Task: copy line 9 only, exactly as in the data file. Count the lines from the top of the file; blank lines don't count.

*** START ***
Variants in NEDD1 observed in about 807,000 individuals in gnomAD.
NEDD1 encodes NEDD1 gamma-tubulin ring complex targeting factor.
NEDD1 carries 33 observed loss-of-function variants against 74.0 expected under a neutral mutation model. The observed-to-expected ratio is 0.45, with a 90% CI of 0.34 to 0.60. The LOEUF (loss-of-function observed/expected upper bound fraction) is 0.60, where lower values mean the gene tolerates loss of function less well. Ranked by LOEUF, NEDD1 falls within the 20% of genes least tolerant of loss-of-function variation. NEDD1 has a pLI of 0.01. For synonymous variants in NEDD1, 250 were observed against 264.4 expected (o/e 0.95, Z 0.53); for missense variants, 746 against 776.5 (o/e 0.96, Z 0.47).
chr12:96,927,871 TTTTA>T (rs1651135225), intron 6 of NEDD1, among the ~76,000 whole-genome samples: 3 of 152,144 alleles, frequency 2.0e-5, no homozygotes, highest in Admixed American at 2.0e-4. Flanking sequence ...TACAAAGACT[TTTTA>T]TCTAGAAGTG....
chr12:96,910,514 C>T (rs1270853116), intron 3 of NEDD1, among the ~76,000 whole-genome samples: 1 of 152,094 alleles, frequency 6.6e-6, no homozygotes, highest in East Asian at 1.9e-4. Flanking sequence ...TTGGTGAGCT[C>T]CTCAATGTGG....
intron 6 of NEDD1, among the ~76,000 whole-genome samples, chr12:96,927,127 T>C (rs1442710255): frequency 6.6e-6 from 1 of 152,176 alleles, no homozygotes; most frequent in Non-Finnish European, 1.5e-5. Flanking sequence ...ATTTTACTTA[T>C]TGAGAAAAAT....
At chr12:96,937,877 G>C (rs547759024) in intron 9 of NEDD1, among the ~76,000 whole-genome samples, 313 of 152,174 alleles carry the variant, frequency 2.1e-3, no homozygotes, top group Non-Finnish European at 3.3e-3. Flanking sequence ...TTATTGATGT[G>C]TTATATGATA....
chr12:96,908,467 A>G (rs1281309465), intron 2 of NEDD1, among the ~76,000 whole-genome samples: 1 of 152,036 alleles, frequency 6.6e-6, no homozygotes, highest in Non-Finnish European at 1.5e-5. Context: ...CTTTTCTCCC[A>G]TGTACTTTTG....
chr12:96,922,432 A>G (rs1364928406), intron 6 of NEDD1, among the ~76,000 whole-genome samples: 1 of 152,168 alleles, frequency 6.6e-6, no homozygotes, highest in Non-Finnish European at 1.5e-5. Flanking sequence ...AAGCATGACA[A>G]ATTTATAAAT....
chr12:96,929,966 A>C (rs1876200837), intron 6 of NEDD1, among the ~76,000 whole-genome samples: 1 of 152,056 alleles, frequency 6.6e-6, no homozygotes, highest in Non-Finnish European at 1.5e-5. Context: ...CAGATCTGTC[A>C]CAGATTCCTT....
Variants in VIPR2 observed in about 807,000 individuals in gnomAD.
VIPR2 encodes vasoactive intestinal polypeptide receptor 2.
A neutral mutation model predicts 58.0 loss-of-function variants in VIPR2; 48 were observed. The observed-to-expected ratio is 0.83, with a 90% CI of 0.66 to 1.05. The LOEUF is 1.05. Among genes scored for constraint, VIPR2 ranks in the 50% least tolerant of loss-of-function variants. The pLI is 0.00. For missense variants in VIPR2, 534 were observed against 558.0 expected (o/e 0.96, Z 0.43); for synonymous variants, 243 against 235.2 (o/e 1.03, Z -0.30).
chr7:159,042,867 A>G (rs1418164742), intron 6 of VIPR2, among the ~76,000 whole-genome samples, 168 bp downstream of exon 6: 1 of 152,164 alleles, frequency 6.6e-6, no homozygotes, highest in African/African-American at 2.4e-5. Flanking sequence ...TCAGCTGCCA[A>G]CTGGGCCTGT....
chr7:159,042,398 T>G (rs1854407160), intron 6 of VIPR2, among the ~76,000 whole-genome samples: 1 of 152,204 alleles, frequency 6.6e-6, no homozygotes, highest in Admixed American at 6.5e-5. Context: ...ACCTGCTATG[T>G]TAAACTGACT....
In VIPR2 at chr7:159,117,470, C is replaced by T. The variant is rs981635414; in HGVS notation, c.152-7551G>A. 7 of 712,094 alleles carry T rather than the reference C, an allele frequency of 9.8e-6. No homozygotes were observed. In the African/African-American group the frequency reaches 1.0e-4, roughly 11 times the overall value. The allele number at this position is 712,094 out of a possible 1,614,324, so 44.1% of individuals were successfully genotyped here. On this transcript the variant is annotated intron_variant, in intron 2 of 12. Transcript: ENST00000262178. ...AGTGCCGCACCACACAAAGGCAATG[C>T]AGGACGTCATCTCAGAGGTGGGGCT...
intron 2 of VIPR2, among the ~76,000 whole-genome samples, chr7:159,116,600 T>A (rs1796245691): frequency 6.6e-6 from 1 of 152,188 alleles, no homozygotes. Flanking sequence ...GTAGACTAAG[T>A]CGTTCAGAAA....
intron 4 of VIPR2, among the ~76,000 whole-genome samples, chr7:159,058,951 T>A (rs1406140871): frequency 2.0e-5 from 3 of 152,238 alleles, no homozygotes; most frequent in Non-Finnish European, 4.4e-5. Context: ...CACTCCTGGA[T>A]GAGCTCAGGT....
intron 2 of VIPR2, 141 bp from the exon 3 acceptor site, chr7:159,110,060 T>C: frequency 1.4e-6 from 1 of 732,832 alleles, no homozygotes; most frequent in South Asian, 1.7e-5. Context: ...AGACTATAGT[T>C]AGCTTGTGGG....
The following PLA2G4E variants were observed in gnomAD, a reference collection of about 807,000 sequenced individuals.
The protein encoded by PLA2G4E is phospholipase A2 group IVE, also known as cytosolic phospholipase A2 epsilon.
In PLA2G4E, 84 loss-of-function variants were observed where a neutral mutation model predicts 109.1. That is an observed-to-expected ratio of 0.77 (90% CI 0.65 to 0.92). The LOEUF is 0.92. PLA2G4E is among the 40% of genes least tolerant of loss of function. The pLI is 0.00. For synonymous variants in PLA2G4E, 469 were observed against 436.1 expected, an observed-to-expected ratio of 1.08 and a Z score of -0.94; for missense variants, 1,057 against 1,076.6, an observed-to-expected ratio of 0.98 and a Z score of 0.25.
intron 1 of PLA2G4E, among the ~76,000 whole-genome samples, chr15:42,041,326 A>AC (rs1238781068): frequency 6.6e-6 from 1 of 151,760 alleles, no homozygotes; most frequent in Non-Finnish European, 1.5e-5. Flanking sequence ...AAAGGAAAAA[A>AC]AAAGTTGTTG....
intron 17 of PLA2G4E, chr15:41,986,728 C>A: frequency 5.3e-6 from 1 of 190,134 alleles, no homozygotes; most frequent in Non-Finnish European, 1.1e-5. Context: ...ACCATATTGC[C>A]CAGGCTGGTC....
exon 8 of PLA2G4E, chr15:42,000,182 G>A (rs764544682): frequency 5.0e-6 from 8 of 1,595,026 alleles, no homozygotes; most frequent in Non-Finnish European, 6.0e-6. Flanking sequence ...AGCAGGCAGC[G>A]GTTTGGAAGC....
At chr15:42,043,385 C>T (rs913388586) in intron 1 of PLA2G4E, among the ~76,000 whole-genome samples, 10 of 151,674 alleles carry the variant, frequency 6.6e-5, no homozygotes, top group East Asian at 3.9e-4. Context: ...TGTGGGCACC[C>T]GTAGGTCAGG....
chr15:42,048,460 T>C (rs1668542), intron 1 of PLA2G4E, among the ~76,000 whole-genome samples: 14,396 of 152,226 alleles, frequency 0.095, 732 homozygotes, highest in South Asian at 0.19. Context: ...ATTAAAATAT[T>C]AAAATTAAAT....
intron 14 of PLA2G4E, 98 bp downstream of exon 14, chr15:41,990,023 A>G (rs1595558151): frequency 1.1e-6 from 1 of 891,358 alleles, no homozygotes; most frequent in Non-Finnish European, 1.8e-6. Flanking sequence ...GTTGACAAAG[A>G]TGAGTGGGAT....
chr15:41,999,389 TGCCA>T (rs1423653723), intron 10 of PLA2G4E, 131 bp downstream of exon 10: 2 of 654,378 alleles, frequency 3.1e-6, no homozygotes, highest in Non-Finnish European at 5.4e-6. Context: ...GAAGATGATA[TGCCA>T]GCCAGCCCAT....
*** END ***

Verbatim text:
chr12:96,922,432 A>G (rs1364928406), intron 6 of NEDD1, among the ~76,000 whole-genome samples: 1 of 152,168 alleles, frequency 6.6e-6, no homozygotes, highest in Non-Finnish European at 1.5e-5. Flanking sequence ...AAGCATGACA[A>G]ATTTATAAAT....